In this book—part walk through art history from the Stone Age to the early twentieth century, part Marxist discourse on class-based power relations—the eye is posited as an organ that has developed its particular capacity for seeing over time, and in relation to the material conditions that determine how we look. Our “visual consciousness” (“świadomość wzrokowa”—a phrase often repeated in Theory of Vision) is related not only to the natural environment in which we find ourselves, but also to cultural processes and social structure. In his introduction, Strzemiński continues, “In addition to the passive physiological reception of visual sensations, there is the active, cognitive work of our intellect. There is the mutual influence of thinking on seeing and seeing on thinking. Thinking poses questions for seeing to answer.” Seeing becomes ever an interpretive act, embedded with bias, and reflecting a “truth” that is not outside of the influence of history and the specific economic, social, and political structure of a place.
for the catalogue accompanying the exhibition katarzyna kobro, władysław strzemiński: a polish avant-garde (centre pompidou, 2018)
Vkhutemas is often referred to in relation to its more famous counterpart as the “Soviet Bauhaus,” relegating it to the diminutive other, and belying an assumption of a flow of influence from West to East. In fact, an exchange of ideas moved in both directions, though only occasionally and partially. In many ways, we are looking at two distinct schools existing at the same time in different places, with some salient points of productive contact. These points were generated through a variety of modes, including correspondence, exhibitions, and travel (in the form of student exchanges and guest lectures). The intersections were likewise made visible and further encouraged in magazine publications. This platform was used across the interwar avant-gardes to strategically signal transnational alignments and to cross-promote the work of other movements, as well as to engage in a public dialogue about avant-garde aesthetics and their social utility.
'To Reach Over the Border': An International Conversation between the Bauhaus and Devětsil
In the spring of 1923, Walter Gropius (1883-1969), who was then the director of the Bauhaus and was to become one of the most famous architects of the Twentieth Century, wrote from Weimar to Karel Teige (1900-1951) in Prague: ‘It makes me very happy that I have found in you a contact with the Czech architecture movement.’Teige was at the forefront of a cohort of young artists, writers, architects, and actors who had founded the group Devětsil in December of 1920. The circle employed a variety of strategies—including publication, lectures, exhibitions, and travel—to spread its influence both at home, and abroad, and the mid-decade correspondence between Teige and Gropius is a telling indicator of the success of this exchange.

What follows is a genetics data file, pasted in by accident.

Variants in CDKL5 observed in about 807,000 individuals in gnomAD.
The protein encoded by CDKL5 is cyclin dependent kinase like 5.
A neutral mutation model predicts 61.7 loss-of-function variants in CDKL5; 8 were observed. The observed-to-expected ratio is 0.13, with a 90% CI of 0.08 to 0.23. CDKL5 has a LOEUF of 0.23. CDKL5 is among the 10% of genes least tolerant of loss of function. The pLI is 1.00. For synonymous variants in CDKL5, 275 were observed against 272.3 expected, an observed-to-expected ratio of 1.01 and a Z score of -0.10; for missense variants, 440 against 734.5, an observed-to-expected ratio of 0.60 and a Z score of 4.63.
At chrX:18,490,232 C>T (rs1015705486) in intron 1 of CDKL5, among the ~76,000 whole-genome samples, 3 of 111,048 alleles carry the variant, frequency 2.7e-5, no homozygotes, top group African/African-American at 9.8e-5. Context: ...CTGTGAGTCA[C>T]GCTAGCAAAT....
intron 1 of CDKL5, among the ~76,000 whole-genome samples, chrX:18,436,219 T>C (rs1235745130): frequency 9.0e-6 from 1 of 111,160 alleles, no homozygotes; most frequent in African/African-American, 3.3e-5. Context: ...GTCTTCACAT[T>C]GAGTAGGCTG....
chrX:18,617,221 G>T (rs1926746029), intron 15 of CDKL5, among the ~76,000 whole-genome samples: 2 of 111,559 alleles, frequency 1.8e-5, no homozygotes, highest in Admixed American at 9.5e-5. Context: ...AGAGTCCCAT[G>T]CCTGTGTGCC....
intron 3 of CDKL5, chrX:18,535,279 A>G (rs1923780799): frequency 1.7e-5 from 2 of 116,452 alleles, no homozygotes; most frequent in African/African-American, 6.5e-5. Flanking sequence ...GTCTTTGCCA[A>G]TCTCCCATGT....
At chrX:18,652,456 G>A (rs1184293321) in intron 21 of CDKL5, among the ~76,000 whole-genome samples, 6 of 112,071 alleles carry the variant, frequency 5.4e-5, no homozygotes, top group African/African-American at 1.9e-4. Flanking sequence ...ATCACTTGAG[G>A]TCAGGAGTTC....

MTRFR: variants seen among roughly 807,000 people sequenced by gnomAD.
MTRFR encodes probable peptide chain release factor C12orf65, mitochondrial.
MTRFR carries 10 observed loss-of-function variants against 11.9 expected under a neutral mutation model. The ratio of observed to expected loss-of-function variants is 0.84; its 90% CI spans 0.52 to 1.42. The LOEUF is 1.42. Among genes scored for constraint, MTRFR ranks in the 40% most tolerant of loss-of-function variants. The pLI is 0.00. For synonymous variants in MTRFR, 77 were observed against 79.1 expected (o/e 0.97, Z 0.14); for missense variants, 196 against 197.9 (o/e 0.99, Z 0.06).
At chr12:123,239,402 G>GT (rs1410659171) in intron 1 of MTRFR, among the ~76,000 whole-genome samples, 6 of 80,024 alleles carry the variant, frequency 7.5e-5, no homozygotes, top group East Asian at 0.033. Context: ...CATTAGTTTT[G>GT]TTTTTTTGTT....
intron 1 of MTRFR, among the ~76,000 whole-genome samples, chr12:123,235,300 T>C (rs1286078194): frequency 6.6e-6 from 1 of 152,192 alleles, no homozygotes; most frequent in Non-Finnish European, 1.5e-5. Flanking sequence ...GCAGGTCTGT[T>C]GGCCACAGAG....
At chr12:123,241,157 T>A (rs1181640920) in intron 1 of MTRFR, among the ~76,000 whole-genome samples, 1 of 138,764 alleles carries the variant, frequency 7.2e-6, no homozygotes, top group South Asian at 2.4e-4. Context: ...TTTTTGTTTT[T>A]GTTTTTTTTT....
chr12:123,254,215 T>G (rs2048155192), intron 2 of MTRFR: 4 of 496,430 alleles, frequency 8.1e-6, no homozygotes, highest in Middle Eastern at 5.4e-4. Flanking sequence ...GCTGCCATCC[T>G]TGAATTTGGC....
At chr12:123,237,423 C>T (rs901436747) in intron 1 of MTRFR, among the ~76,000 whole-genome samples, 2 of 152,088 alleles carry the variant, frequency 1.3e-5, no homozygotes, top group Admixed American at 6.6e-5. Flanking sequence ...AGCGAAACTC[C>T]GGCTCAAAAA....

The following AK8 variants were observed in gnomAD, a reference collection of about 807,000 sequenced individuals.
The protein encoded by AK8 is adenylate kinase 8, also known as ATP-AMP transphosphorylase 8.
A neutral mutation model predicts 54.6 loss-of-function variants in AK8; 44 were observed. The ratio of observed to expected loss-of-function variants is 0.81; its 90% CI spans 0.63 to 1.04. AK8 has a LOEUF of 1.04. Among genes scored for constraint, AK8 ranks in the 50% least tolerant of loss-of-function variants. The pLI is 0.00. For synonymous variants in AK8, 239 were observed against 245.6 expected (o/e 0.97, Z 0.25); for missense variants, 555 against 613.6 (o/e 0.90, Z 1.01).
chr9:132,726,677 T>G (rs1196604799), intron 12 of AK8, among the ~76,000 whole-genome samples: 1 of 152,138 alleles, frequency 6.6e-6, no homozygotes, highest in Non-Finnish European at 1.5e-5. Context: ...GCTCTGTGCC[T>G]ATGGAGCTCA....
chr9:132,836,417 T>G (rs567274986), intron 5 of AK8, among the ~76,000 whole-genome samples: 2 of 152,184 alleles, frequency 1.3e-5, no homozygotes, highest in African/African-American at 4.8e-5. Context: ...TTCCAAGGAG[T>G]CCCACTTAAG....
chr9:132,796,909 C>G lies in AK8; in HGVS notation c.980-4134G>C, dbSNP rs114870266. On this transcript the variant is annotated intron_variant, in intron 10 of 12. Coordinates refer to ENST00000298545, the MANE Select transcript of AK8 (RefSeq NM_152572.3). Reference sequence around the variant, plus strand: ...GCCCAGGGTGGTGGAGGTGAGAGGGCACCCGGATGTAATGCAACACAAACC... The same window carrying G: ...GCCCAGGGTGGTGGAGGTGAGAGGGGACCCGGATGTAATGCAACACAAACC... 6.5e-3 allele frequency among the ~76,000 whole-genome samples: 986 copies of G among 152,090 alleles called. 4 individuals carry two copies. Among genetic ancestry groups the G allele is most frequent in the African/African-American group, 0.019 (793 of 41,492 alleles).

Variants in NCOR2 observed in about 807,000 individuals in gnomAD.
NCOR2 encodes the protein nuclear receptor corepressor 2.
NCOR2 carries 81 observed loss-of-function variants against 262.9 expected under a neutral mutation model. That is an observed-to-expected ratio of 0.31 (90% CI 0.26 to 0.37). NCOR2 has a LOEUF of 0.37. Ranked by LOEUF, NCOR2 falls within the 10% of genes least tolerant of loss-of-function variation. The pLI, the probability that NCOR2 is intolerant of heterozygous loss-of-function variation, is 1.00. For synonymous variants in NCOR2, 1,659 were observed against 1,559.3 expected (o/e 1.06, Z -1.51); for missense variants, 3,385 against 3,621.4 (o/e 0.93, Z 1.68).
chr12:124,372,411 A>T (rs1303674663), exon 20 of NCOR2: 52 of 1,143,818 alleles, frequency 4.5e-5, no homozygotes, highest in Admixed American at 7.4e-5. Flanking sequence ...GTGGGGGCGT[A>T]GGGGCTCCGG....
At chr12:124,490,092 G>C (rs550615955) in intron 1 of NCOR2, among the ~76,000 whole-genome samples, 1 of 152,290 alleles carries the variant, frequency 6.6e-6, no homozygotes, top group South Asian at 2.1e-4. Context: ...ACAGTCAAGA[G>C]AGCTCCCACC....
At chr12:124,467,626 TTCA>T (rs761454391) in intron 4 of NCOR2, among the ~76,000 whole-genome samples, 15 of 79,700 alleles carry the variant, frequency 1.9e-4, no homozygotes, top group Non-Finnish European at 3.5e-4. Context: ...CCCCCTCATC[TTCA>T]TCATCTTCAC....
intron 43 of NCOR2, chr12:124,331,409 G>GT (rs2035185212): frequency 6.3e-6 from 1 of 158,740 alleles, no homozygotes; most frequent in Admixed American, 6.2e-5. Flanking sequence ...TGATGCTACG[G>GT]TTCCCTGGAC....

Revisiting a Czech Artist’s Collages of Human Cruelty
A highly evocative record of that fateful year is captured in a series of 66 “evidence” collages by Jiří Kolář, collectively titled Diary 1968, and all currently on view at the Kinsky Palace, part of Prague’s National Gallery, in the city’s Old Town Square. They comprise the main thread of a solo exhibition of Kolář’s work, Grimace of the Century. These individual collages are are a constant presence throughout the show, hung in sequence on a wall constructed especially for them, that weaves through much of the exhibition space.
"The utopic order of the Bauhaus school was to prove insufficient when confronted with external totalitarian forces and an internal patriarchy. Bang reminds us that if its vision of a total, equalizing architecture was heartfelt in theory, its egalitarian notions could not (or would not) be enacted in practice.
With a furtive look over the shoulder, Bang urges her reader to consider a collective past in order to account for our own catastrophic moment. The penultimate poem, in which a 'a man with / moronic orange hair' appears, registers a plaintive warning: 'In November we inched closer to the ledge / over which one only falls once.'"
Reynek lived the majority of his life at his family’s farmstead in the village of Petrkov on the Bohemian-Moravian border, and many of his poems included in this collection center around the details of rural life. Dogs and cats and goats and geese roam the pages. There is a “white ox in the yard” and one finds “cobwebs wound round the empty swallows’ nest.” Even at the site of hearth and home, the day of rest requires a cat for comfort, a Sunday’s stillness complete only with “a book and kitten grey / beneath my hand.”
Between Reader and Writer: An Interview with Dubravka Ugrešić
"This time last year, I was living in Berlin, where I spent an inordinate amount of my time sleeping. The days in fall and winter there look far too much like night: the sun rises late and sets early and doesn’t really do much shining in between. The sheer number of hours I spent in bed was something I felt perpetually guilty about, until one day, a friend sent me an excerpt from a novel she was reading, The Museum of Unconditional Surrender, by Dubravka Ugrešić."
"Finding Lucia in the archive was like catching a glimpse of myself. I took to her story personally; she became my companion as I mined a historical record that has not deigned to preserve many of history's women. [...] I read through her diaries, written as a young girl in Prague, and then later, as a woman at the Bauhaus, married to one of the school’s most esteemed 'masters.' And I looked through her photographs, taken of and by herself. I read her letters.
I’d stumbled upon her and looked into her life; an accidental intimacy."